See Also: Char Members
The dnprdnshort uses the char structure to represent a Unicode character. The Unicode Standard identifies each Unicode character with a unique 21-bit scalar number called a code point, and defines the UTF-16 encoding form that specifies how a code point is encoded into a sequence of one or more 16-bit values. Each 16-bit value ranges from hexadecimal 0x0000 through 0xFFFF and is stored in a char structure. The value of a char object is its 16-bit numeric (ordinal) value.
A string object is a sequential collection of char structures that represents a string of text. Most Unicode characters can be represented by a single char object, but a character that is encoded as a base character, surrogate pair, and/or combining character sequence is represented by multiple char objects. For this reason, a char structure in a string object is not necessarily equivalent to a single Unicode character.
Multiple 16-bit code units are used to represent single Unicode characters in the following cases:
Glyphs, which may consist of a single character or of a base character followed by one or more combining characters. For example, the character ä is represented by a char object whose code unit is U+0061 followed by a char object whose code unit is U+0308. (The character ä can also be defined by a single char object that has a code unit of U+00E4.) The following example illustrates that the character ä consists of two char objects.
code reference: System.Char.Class#1
Characters outside the Unicode Basic Multilingual Plane (BMP). Unicode supports sixteen planes in addition to the BMP, which represents plane 0. A Unicode code point is represented in UTF-32 by a 21-bit value that includes the plane. For example, U+1D160 represents the MUSICAL SYMBOL EIGHTH NOTE character. Because UTF-16 encoding has only 16 bits, characters outside the BMP are represented by surrogate pairs in UTF-16. The following example illustrates that the UTF-32 equivalent of U+1D160, the MUSICAL SYMBOL EIGHTH NOTE character, is U+D834 U+DD60. U+D834 is the high surrogate; high surrogates range from U+D800 through U+DBFF. U+DD60 is the low surrogate; low surrogates range from U+DC00 through U+DFFF.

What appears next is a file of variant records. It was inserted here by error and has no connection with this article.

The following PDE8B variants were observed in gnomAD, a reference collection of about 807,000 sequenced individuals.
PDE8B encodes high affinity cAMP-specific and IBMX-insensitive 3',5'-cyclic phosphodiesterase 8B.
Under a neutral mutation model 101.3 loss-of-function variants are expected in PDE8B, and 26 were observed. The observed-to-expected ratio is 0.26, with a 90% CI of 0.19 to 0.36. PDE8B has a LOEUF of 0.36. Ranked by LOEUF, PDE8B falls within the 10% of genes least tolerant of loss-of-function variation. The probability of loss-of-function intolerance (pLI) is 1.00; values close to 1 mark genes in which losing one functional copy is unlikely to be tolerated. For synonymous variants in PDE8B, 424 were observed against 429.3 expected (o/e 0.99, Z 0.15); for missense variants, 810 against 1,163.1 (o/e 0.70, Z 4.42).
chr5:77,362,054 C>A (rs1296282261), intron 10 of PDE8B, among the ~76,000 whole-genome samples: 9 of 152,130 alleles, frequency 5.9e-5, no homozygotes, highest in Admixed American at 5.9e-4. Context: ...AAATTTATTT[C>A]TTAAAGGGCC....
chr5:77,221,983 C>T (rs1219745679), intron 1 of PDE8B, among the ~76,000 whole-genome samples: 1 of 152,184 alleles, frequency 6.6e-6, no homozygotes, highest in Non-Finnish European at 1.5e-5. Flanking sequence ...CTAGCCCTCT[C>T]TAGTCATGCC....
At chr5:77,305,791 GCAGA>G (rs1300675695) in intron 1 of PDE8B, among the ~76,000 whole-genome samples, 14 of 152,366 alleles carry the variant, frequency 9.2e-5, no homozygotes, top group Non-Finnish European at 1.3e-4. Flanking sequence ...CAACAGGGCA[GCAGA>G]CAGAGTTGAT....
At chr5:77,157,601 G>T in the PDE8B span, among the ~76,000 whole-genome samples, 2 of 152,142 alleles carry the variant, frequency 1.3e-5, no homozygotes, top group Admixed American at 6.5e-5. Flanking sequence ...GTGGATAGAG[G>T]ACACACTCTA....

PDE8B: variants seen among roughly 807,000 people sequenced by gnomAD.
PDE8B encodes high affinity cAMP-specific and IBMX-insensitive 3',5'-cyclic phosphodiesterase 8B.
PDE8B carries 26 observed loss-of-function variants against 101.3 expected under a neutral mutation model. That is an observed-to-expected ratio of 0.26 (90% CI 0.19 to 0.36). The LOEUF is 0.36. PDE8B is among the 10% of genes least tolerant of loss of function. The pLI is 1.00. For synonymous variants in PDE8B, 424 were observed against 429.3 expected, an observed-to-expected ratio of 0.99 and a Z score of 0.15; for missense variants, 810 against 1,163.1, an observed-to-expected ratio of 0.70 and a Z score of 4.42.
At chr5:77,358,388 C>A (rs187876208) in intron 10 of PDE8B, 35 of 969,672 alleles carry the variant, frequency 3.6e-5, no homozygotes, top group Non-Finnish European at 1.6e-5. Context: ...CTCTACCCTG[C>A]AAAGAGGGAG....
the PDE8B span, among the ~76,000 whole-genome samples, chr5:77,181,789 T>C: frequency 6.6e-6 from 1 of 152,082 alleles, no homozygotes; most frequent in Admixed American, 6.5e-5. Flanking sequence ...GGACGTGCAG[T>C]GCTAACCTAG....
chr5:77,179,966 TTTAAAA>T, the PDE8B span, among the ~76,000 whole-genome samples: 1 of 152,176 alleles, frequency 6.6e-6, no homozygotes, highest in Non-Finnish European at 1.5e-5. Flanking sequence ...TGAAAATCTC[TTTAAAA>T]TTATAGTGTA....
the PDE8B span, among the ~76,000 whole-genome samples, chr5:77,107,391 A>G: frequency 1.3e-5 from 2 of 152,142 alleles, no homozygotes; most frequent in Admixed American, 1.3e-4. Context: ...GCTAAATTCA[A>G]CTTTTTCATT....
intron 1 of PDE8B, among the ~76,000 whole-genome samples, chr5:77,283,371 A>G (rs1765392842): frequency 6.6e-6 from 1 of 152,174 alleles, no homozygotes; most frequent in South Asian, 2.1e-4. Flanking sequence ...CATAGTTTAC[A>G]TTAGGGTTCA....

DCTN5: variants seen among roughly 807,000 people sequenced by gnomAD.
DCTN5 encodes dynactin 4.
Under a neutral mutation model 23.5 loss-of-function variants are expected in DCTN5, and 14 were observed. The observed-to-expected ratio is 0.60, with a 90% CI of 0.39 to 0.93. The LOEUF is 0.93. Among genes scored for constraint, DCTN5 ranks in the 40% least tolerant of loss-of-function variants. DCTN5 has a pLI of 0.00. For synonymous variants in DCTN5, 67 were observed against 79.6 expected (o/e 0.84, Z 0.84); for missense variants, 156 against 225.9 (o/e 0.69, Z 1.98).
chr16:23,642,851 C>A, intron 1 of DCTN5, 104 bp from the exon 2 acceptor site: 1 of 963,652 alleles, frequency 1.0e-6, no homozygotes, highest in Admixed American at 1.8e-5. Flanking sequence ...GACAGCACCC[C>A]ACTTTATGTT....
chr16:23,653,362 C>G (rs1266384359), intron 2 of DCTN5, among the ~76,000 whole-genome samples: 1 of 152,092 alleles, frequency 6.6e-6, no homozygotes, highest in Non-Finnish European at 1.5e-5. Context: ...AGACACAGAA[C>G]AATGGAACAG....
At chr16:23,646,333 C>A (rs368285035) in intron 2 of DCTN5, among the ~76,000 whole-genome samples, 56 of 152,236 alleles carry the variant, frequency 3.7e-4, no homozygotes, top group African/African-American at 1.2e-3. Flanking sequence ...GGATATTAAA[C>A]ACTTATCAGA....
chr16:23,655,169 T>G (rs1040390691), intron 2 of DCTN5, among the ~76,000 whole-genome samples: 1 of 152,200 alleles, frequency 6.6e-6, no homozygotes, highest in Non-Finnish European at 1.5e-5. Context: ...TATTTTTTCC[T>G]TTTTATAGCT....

code reference: System.Char.Class#2
Because a single character can be represented by multiple char objects, it is not always meaningful to work with individual char objects. For instance, the following example converts the Unicode code points that represent the Aegean numbers zero through 9 to UTF-16 encoded code units. Because it erroneously equates char objects with characters, it inaccurately reports that the resulting string has 20 characters.
code reference: System.Char.Class#3
You can do the following to avoid the assumption that a char object represents a single character.
You can work with a string object in its entirety instead of working with its individual characters to represent and analyze linguistic content.
You can use the System.Globalization.StringInfo class to work with text elements instead of individual char objects. The following example uses the System.Globalization.StringInfo object to count the number of text elements in a string that consists of the Aegean numbers zero through nine. Because it considers a surrogate pair a single character, it correctly reports that the string contains ten characters.
code reference: System.Char.Class#4
If a string contains a base character that has one or more combining characters, you can call the string.Normalize method to convert the substring to a single UTF-16 encoded code unit. The following example calls the string.Normalize method to convert the base character U+0061 (LATIN SMALL LETTER A) and combining character U+0308 (COMBINING DIAERESIS) to U+00E4 (LATIN SMALL LETTER A WITH DIAERESIS).
code reference: System.Char.Class#5
|Compare char objects|
|Convert a code point to a string|
|Convert a char object or a surrogate pair of char objects to a code point|
|Get the Unicode category of a character|
|Determine whether a character is in a particular Unicode category such as digit, letter, punctuation, control character, and so on||
erload:System.Char.IsControl, erload:System.Char.IsDigit, erload:System.Char.IsHighSurrogate, erload:System.Char.IsLetter, erload:System.Char.IsLetterOrDigit, erload:System.Char.IsLower, erload:System.Char.IsLowSurrogate, erload:System.Char.IsNumber, erload:System.Char.IsPunctuation, erload:System.Char.IsSeparator, erload:System.Char.IsSurrogate, erload:System.Char.IsSurrogatePair, erload:System.Char.IsSymbol, erload:System.Char.IsUpper, and erload:System.Char.IsWhiteSpace
|Convert a char object that represents a number to a numeric value type|
|Convert a character in a string into a char object|
|Convert a char object to a string object|
|Change the case of a char object|